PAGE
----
Barnett, Lauren Anne ORCID: https://orcid.org/0000-0002-6253-9736 (2021) Clinical features presented to primary care prior to diagnosis of giant cell arteritis: an electronic health records study. Doctoral thesis, Keele University.

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Abstract

Background: Giant cell arteritis (GCA) is the most common form of medium and large vessel vasculitis. This condition is associated with serious complications, such as blindness if left untreated, and is therefore considered a medical emergency. However, GCA remains difficult to diagnose, in part, due to the wide variation of presenting symptoms, resulting in some patients facing significant diagnostic delay.
Aim: To evaluate clinical features experienced by patients prior to a diagnosis of GCA.
Methods: Four studies were undertaken. Firstly, a systematic review and meta-analysis of clinical features previously associated with a diagnosis of GCA. Subsequently using the Clinical Practice Research Datalink (CPRD), the remaining three studies investigated; the trends in incidence of GCA; the association of individual clinical features on the subsequent diagnosis of GCA; and finally, combinations of presenting clinical features prior to a GCA diagnosis.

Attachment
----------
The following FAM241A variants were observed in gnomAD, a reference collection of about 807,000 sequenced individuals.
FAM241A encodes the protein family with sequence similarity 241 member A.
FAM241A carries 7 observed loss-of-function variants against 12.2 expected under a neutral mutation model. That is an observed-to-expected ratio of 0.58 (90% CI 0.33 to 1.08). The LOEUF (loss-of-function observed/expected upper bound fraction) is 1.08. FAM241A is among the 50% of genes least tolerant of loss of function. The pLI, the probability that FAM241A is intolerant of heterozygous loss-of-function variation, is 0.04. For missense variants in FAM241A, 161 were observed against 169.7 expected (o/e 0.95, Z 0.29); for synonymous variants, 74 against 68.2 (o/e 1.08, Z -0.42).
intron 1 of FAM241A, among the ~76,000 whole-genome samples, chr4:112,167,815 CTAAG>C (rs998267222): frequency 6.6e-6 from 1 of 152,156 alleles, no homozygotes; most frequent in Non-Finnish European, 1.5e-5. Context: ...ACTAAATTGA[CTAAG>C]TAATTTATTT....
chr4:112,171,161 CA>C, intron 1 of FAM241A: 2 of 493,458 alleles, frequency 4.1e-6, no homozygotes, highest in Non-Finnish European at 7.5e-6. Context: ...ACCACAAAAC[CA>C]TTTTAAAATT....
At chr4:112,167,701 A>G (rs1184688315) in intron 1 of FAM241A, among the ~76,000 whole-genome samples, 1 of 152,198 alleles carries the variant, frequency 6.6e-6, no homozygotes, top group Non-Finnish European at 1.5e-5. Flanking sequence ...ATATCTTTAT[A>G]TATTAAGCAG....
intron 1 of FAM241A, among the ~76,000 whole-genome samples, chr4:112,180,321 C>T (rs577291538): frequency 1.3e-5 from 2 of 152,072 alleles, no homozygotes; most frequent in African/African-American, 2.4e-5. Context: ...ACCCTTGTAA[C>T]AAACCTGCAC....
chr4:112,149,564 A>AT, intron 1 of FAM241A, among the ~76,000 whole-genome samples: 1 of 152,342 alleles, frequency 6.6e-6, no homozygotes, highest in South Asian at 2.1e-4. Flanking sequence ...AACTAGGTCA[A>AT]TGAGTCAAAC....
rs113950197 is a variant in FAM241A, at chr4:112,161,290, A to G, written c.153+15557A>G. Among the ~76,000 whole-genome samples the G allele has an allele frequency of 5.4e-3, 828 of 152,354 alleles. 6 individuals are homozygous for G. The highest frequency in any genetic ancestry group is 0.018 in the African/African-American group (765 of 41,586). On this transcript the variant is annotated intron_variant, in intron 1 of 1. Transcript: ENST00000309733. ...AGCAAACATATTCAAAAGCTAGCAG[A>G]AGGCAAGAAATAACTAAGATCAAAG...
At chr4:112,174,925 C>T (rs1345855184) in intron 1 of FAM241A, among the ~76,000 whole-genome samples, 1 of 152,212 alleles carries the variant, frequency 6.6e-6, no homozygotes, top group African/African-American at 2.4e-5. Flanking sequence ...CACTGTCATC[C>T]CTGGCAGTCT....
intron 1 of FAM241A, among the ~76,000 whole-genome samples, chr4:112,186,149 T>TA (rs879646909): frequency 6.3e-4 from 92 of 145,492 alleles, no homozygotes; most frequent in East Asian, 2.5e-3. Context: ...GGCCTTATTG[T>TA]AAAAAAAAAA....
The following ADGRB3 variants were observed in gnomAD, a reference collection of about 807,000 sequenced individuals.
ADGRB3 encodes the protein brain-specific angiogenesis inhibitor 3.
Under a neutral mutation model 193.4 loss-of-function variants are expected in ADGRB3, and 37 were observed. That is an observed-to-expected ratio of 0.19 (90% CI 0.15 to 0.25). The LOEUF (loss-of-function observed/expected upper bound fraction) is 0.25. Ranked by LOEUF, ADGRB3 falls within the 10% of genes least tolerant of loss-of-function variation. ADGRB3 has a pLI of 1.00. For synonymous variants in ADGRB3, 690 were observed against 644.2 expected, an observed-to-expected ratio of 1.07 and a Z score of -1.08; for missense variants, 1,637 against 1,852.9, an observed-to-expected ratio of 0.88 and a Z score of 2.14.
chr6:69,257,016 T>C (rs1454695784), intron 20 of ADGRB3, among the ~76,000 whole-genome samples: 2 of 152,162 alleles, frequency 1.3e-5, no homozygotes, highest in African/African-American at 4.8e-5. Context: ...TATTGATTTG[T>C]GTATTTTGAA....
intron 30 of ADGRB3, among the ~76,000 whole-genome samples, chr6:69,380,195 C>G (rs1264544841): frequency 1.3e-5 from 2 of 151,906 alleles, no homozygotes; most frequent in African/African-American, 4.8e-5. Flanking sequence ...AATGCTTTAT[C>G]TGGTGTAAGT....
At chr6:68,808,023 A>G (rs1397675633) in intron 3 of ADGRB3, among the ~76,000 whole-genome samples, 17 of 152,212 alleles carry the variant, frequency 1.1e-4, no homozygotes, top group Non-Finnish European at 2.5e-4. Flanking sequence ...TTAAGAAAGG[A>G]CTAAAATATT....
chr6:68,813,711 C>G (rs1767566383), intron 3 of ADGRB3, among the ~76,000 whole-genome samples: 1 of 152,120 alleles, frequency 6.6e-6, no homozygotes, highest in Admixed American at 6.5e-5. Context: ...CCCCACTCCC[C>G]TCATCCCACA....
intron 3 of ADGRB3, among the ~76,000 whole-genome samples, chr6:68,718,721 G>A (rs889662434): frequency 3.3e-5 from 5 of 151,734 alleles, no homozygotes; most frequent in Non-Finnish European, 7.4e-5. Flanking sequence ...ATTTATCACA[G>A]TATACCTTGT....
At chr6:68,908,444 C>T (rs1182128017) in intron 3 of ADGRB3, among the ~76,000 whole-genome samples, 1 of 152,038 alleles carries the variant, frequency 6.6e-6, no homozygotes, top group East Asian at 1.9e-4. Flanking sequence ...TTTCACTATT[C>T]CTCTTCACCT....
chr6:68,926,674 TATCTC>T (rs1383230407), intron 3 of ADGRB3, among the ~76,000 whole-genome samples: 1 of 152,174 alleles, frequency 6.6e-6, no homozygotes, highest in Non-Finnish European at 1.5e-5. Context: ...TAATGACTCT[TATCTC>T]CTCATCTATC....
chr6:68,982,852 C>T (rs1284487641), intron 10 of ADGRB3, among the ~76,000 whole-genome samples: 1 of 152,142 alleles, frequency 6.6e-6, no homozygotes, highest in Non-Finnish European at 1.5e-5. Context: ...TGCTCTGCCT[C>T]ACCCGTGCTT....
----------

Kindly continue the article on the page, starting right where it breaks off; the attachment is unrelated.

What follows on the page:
Results: The systematic review found 30 distinct clinical features, with the strongest pooled association for jaw claudication and elevated ESR. A total of 9205 GCA cases were identified from 1990-2017 in CPRD. Consultation incidence of GCA was 1.46 per 10,000 person-years in 2017. In the CPRD analysis, individual features most strongly associated with GCA prior to diagnosis were headache, hypertension, and visual impairment. Application of latent class analysis (LCA) suggested five distinct patterns of presenting features; polymyalgia rheumatica (PMR), hypertension and multiple other features, single or no feature, hypertension, and elevated ESR.
Conclusion: GCA remains a difficult condition to recognise in primary care. Clinical features, such as headache, PMR, elevated ESR, and hypertension were consistently identified as important clinical features experienced prior to GCA diagnosis. This thesis has highlighted the need to research patterns of clinical features rather than individual features that occur prior to a GCA diagnosis.

Item Type: Thesis (Doctoral)
Subjects: R Medicine > RC Internal medicine
Divisions: Faculty of Medicine and Health Sciences > School of Medicine
Contributors: Prior, JA (Thesis advisor)
Depositing User: Lisa Bailey
Date Deposited: 13 Dec 2021 12:17
Last Modified: 13 Dec 2021 12:17
URI: https://eprints.keele.ac.uk/id/eprint/10376

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